If I’m being honest with myself, we do way more of all this stuff now than we ever did before finding out our son has cancer. That Tim McGraw song “Live like You Were Dying” has a very good point. Not that I’m saying anyone needs to be dying anytime soon, that’s definitely not the purpose of this site, but why wouldn’t you want to seize every day you can for your family, in any situation, cancer or otherwise? Often, we have to just laugh and shrug our shoulders at the thought that The Lord certainly does work in mysterious ways. We moved to the best place we could possibly imagine for us and lead much more full and interesting lives all because our son got cancer. We’re also exponentially healthier than we were before. And that leads me to fighting.
Fighting for us is the constant and never ending pursuit to find out what we can do to make our kid the healthiest he can be and implementing the knowledge we’ve gained, whatever the cost. It’s moving states when you realize your current hospital is not and will never be conducive to this quest and that maybe it would be different somewhere else. It’s getting an [amazon text=EMF Meter&localise=1&search_link=0&multi_cc=0&live=0&asin=B00LJ7YOTQ] and inspecting 50 different houses, looking equally crazy to each realtor showing the house, until you find one that is far enough away from other wifi routers, cell phone towers, etc. to produce an acceptable reading. Getting visits to your room from hospital directors because you’re being “too demanding” is an excellent example of fighting. It’s waking up with your face planted in a cancer book, wiping off the drool, and picking up where you left off the night before. Or getting up in the middle of the night, every night, to turn off the frequency generator because the darn thing doesn’t have an auto off function and starts beeping if you don’t. Having three credit card numbers, expiration dates, and csv codes memorized due to the flurry of products you’re ordering is a good indication you’re fighting.
Fighting is not trudging back and forth to and from the hospital day in and day out, it’s what you do to make the most of the rest of your time that counts. Fighting isn’t your best attempt at keeping a smile on your face as you listen to every different chemical they’re proposing to pump into your child. It’s questioning the necessity of each and every one of them, researching everything for yourself and getting as many outside opinions as it takes to make an informed decision. Fighting is not knowing everything there is to know about every different type of chemotherapy just for the sake of knowing it. It’s finding out what you can do to protect your kid from the ravages of chemo and accepting that just because your oncologist doesn’t have a clue about anything of that nature doesn’t mean nothing exists and you’re probably going to have to find another qualified healthcare professional to consult with about this sort of thing.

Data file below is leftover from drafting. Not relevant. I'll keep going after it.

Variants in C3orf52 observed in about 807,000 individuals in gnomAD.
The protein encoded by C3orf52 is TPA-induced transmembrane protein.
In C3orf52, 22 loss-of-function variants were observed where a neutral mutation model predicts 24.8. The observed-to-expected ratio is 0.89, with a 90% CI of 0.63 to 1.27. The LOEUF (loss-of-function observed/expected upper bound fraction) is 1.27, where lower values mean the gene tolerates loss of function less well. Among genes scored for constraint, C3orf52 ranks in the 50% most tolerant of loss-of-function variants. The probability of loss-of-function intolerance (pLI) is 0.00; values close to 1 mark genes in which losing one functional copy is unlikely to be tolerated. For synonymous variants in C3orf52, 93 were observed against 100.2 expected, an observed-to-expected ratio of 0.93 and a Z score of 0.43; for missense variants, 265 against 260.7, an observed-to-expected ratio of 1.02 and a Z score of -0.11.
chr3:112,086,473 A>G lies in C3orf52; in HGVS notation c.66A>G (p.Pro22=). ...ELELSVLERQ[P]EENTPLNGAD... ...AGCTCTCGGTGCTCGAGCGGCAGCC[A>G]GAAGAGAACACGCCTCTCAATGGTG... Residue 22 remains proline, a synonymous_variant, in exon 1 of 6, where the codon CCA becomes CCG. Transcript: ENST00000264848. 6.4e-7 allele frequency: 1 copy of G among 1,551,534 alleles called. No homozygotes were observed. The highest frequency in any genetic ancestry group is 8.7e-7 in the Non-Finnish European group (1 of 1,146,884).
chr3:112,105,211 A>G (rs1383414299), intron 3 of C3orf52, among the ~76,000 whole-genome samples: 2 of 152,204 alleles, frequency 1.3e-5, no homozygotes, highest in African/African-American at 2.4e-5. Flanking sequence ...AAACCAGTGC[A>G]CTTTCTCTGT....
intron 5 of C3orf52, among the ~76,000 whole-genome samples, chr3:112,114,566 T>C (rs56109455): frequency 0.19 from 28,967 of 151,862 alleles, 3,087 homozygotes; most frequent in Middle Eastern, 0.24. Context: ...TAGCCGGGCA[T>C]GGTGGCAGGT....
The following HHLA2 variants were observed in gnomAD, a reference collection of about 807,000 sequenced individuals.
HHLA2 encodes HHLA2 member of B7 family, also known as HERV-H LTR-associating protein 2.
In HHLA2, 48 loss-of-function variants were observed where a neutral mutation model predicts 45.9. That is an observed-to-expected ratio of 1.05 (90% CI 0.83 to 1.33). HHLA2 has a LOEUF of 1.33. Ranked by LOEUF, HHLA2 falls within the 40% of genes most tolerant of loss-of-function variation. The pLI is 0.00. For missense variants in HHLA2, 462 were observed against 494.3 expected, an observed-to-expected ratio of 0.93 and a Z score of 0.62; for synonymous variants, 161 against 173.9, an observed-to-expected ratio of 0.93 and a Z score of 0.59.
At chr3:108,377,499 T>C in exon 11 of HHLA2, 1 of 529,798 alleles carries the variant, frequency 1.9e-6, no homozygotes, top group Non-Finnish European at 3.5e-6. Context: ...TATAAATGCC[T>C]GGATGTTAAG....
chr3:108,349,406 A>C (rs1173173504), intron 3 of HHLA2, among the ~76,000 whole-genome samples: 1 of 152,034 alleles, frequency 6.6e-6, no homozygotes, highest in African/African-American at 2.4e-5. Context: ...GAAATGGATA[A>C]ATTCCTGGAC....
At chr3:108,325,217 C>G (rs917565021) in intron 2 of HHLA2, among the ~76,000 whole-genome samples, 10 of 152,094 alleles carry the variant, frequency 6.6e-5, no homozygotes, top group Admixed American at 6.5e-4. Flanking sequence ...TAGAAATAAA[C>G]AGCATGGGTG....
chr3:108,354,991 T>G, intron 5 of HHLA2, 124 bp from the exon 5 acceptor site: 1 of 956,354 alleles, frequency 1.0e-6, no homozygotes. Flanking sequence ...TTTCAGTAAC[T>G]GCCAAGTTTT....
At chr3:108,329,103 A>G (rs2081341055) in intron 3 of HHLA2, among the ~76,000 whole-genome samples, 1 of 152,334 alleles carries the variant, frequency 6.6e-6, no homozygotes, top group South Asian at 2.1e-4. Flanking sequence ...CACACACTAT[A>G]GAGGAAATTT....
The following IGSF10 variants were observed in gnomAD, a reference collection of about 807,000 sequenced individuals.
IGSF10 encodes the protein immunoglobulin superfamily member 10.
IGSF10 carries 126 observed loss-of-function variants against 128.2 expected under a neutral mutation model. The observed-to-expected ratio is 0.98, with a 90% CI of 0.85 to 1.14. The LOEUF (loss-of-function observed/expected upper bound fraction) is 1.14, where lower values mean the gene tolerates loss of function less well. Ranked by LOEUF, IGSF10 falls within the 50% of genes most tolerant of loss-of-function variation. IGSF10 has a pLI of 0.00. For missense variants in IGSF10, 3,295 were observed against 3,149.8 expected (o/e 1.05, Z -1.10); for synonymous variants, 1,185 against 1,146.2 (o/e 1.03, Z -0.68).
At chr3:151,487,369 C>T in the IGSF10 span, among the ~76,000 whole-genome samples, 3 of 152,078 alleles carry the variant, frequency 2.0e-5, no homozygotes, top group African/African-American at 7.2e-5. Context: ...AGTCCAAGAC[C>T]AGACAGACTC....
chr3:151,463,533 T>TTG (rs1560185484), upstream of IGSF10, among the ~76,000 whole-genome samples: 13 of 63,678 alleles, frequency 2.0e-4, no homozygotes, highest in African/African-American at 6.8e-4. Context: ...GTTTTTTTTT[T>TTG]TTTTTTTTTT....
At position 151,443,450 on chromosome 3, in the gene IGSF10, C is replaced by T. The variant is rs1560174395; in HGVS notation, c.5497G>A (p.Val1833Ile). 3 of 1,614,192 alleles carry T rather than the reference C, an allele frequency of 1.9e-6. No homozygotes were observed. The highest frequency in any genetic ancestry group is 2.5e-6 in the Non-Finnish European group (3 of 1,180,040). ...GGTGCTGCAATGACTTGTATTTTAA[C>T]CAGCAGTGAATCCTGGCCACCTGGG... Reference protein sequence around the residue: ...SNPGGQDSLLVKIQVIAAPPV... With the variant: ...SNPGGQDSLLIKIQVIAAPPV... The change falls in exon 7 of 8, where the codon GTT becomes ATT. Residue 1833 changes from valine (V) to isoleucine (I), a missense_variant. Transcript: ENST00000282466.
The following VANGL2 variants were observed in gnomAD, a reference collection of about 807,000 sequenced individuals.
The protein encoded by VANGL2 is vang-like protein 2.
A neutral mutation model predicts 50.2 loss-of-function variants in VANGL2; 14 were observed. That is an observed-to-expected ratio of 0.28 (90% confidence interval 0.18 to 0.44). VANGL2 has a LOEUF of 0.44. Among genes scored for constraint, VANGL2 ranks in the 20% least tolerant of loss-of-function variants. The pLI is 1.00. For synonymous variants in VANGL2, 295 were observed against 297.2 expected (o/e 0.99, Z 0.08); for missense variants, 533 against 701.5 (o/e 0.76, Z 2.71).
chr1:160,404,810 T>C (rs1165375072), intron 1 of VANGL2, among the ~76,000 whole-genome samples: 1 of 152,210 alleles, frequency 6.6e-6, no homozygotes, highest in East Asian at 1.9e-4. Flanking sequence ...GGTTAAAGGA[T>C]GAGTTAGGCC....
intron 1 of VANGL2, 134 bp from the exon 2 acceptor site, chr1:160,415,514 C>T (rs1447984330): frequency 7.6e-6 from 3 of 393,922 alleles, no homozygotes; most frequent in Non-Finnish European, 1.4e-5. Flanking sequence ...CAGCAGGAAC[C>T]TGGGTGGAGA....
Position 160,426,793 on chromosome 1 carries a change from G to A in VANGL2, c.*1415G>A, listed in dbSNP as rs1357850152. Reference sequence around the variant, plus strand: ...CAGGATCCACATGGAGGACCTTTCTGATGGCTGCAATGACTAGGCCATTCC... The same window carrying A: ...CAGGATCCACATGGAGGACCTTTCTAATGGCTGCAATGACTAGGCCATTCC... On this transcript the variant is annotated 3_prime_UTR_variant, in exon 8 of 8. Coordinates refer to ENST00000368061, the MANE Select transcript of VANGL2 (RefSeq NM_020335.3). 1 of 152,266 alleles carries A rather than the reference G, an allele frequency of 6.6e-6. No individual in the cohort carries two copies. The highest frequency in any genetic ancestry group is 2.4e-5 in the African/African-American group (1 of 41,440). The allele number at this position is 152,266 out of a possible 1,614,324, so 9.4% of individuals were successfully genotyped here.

There’s always something more you can be doing. Don’t ever accept the phrase “this is all there is.” Nobody knows everything, so it’s up to you to find out as much as you can from a multitude of sources.
There’s a sentiment in the alternative cancer community that only the patient can truly heal their cancer. With cancer, it’s the parents. Nobody cares about the outcome more than you do and will be willing to go to the extreme lengths you will to save your kid. Always remember that. And don’t forget to have a good time while you’re at it. Live for today, fight for tomorrow.
P.S. Music makes everything better. If you have a long hospital stay in your future, YouTube is incredible for any song you want on demand. We actually use it more than anything else these days, even at home. Get yourself a decent pair of computer speakers and use the following list to brighten your day: Avicii – The Days, The Nights. True Rebelution – Peace of Mind. Dean Martin – Greatest Hits. Randy Travis – Greatest Hits. Steve Miller Band – Greatest Hits. Daft Punk – Discovery. The Gypsy Kings – Greatest Hits.